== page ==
Medals to those they love, and winners cups symbolize the triumphs and struggles and letting go. One 15 year old boy has made two cups: “I’m doing two trophies. One with money and drugs in and the other with my poems. It’s about how my life was and how it is now”… Tyler, aged 21.
One sculpture fills the final room. A dramatic tableau of a beautiful, but limp and broken, child lying on a idealized pink bed, with hearts and stars and Disney princess bed-linen. Above the bed hangs a medieval looking contraption with several men’s shoes attached; hovering and dominating the air above the child. In this piece innocence coexists with violence and outrage. It portrays a longing for and the loss of childhood wonder and safety. It is made by a group of survivors of sexual abuse. Reminisent of the work of Louise Bourgeois, an artist who was in intense analysis herself to overcome the tyrannies in her own childhood home, the piece is a powerful and original piece of work, worthy of a place in a museum collection.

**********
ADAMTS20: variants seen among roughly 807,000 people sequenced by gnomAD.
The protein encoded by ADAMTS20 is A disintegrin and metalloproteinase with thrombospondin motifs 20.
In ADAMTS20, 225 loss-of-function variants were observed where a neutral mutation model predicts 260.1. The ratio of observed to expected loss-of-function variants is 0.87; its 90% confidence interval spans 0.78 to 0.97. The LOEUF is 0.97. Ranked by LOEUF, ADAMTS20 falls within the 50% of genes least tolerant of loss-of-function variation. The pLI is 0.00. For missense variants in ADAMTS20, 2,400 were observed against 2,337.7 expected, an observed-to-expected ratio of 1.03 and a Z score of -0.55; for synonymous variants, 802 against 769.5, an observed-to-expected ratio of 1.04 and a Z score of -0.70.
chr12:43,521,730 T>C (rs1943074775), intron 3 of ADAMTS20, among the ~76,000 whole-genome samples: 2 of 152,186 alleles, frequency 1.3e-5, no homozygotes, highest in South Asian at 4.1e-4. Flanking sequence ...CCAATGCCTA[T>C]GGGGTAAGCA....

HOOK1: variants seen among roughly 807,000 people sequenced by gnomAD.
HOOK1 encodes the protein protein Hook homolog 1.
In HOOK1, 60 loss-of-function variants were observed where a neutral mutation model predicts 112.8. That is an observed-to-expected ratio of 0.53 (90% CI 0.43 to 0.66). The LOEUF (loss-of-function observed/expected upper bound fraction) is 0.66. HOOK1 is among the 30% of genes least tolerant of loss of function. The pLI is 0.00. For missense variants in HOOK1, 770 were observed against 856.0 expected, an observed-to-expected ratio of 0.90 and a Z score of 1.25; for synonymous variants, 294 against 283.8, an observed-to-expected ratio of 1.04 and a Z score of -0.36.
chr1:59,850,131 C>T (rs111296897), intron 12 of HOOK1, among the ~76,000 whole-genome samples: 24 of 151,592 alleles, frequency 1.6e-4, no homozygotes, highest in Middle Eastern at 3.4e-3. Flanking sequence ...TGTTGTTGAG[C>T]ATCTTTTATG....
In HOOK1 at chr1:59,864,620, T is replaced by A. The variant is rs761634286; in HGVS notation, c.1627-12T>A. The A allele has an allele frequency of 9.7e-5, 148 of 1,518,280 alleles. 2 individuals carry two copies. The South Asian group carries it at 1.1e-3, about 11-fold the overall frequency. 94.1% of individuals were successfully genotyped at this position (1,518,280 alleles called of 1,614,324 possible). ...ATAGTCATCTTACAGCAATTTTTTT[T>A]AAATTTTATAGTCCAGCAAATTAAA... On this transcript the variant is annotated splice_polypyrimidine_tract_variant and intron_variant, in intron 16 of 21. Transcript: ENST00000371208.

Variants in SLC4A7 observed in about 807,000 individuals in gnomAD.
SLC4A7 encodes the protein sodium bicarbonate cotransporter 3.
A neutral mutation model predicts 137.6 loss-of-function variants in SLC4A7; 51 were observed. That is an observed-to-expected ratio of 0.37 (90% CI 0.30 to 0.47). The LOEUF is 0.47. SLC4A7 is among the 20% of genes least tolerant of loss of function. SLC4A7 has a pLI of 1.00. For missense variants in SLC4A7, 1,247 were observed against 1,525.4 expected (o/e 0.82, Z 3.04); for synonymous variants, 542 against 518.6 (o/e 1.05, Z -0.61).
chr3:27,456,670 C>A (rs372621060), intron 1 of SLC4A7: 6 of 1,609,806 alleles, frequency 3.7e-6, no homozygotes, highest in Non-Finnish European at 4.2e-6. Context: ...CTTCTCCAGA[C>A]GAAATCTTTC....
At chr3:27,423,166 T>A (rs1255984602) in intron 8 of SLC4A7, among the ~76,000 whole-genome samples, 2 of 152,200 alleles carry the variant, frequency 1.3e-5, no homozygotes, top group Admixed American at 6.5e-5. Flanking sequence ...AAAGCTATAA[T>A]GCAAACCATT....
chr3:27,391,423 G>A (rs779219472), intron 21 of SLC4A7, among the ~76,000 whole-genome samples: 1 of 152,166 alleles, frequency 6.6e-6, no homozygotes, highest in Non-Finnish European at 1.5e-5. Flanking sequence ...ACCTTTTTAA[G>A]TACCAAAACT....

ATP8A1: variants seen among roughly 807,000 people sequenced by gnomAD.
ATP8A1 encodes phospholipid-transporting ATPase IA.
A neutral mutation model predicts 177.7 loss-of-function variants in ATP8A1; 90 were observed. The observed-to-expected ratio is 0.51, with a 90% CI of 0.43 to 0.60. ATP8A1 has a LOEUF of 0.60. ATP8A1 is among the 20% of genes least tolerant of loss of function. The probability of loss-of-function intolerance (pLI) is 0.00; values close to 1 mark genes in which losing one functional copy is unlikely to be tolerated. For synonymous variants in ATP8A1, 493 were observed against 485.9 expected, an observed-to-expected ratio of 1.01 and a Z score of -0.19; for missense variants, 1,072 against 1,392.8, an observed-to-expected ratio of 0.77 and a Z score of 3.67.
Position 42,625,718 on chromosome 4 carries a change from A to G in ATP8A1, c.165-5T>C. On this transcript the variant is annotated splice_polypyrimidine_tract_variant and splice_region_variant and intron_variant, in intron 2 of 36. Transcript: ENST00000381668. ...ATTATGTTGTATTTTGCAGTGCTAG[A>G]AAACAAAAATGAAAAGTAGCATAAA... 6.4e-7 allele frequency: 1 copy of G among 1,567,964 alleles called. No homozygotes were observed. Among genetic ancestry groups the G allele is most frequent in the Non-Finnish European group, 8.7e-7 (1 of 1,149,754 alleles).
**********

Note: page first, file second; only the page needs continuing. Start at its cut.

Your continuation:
In East London, the Olympic site has a sizeable military presence and surface-to-air missiles on the rooftops. Chosen artistic director of the Olympics, filmmaker Danny Boyle, is making an elaborate English idyll, with real clouds, real children, and real animals. This “green and pleasant land”, inspired by William Blake’s poem ‘Jerusalem’ has run over budget somewhat but the government intends to show the best of England to the world. The Olympics since ancient times have been about nationalism and politics. Blake had problems with the Royal Academy – they wouldn’t grant him the status of academician because he had married an illiterate market trader – but if he were here today he would be standing up for the vulnerable and starving children of London.
Childhood -The Real Event is showing at The Royal Academy of Arts, Burlington House, Piccadilly, London W1J 0BD
Times: Tuesday – Friday: 10:00 – 18:00 Admission: Free